As the final day looms, rain peppers the proceedings throughout the day, the arena’s looking a touch worse for wear and people are ready for a shower and the comfort of their own bed. But first, there’s one last day and a slew of more great bands. As woodchips are laid from the walk into the VIP section from the campsite, it’s something which would have been welcome at other points such as at the Sophie and New Blood stages where there’s a high volume of foot traffic. But the mud doesn’t stop people from enjoying their weekend – it’s all part of the fun.
One band on the lips of many people this weekend is Resin and as their stage time looms large, much of the press tent also make their way over to the Sophie stage to watch the day’s openers. The grunge-tinged hard rock/metal outfit have brought something rather special with them for their appearance today – a string quartet. Whilst they’re there for the duration of Resin’s performance, it takes a few songs before their presence is known, buried in the mix and puts a slight dampener on what was a highly-anticipated show starter. Regardless, it’s great to see the tent so busy so early on and they power through the set with aplomb.
28 Double keep the rock factor going with oodles of groove over on the New Blood stage. It’s great music to bob your head along to from a polished act and helps build the momentum as the day ramps up to heavier acts on the billing. Speaking of which, Elyrean bring their own brand of thrash metal to the New Blood stage after Ross the Boss (featuring the talents of legend KK Downing) have the main stage in the palm of their hands. Elyrean take a more technical slant on thrash but bring it down on “Fallen Ground” for a melodic moment. Meanwhile, Solitary are taking a more straightforward approach their thrash stylings, travelling at breakneck speed to ensure those bangovers will be going strong as people make their way home the next day.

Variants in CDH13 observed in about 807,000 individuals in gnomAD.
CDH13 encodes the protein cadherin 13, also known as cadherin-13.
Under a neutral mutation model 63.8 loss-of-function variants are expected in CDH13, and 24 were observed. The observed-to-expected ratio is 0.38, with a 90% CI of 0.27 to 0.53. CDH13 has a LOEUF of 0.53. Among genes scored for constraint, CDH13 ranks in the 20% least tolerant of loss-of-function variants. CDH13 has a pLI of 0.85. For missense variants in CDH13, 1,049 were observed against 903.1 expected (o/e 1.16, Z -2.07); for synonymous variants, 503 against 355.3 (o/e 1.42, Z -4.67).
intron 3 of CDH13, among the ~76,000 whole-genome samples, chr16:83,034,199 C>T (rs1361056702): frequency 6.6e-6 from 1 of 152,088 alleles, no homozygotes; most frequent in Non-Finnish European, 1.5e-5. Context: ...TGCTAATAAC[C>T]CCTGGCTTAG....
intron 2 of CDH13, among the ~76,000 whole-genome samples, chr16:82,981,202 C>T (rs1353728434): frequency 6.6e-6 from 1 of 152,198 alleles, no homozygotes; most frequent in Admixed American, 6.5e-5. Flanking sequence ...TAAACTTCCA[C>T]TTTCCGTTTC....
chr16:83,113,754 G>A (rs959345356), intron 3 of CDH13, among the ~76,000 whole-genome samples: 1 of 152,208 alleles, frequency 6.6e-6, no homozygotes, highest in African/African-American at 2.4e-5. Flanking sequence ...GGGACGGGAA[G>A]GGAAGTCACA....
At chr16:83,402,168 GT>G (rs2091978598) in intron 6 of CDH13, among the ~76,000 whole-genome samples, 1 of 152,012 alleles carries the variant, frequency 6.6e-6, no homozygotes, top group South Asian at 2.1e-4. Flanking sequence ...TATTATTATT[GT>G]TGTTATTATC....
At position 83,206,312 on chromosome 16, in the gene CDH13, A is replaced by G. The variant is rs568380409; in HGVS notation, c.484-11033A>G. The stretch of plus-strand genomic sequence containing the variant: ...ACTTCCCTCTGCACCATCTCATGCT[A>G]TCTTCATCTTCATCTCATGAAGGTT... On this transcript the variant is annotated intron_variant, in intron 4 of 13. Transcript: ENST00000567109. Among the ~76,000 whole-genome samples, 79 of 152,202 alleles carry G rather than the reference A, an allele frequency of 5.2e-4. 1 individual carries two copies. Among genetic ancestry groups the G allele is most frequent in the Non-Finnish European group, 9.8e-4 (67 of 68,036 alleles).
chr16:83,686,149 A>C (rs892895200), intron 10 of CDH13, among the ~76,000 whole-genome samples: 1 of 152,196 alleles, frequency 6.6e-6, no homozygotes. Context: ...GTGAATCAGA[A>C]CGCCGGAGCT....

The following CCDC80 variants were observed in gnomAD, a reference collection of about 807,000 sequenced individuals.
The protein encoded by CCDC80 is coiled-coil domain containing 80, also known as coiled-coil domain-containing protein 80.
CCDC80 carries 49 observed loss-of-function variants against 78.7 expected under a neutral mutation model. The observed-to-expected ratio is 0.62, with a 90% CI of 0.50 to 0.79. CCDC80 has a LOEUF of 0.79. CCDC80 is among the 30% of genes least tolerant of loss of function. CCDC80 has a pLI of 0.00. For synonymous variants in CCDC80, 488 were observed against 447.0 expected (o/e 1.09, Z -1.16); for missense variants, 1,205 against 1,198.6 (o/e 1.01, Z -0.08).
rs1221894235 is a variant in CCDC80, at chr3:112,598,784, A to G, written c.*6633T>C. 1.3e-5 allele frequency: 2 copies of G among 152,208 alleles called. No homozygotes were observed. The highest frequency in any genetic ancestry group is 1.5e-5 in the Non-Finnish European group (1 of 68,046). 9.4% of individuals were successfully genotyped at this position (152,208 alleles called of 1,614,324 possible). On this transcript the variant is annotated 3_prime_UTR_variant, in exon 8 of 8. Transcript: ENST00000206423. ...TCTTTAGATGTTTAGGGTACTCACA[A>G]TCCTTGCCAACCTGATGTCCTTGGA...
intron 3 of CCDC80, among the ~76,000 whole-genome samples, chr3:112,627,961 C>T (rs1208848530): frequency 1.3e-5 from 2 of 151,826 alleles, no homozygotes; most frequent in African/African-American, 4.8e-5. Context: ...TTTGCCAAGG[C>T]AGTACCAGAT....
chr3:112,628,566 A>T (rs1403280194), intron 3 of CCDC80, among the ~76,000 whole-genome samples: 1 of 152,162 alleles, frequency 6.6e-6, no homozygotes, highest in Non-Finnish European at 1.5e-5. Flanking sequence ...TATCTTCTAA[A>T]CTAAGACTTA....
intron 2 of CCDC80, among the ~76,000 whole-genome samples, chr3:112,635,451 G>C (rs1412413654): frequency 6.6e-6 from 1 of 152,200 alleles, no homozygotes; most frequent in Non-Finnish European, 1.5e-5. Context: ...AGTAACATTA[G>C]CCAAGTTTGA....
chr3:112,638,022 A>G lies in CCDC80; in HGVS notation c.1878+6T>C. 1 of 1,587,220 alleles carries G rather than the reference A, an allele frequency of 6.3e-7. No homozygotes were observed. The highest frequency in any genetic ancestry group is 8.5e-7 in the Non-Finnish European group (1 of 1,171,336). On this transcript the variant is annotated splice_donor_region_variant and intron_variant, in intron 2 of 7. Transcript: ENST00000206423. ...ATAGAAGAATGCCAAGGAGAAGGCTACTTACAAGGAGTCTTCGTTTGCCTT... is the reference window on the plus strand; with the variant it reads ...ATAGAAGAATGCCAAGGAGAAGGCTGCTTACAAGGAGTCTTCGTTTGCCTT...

Having not seen much death metal this weekend, Soilwork bring the melodic variety to the main stage without becoming overbearing on the melody, keeping it nice and heavy. They’re a great live band to watch and one of the tightest to grace the festival this weekend. Wheel keep things interesting back at the Sophie stage with their doom-laden tones and ensuring they make their performance as atmospheric as possible. Take Refuge are one of the harder bands to pigeon-hole, drawing on a wealth of different influences and genres but it works in their favour to bring a unique sound and pack out the New Blood tent. Boss Keloid make their return to the festival and as the entrance to the Sophie stage becomes sludgy, the band appropriately answer the call by bringing their own sludgy stylings to the weekend. There’s a good helping of melody to make it accessible, refraining from becoming overbearing on the sludge element and they shine with professionalism.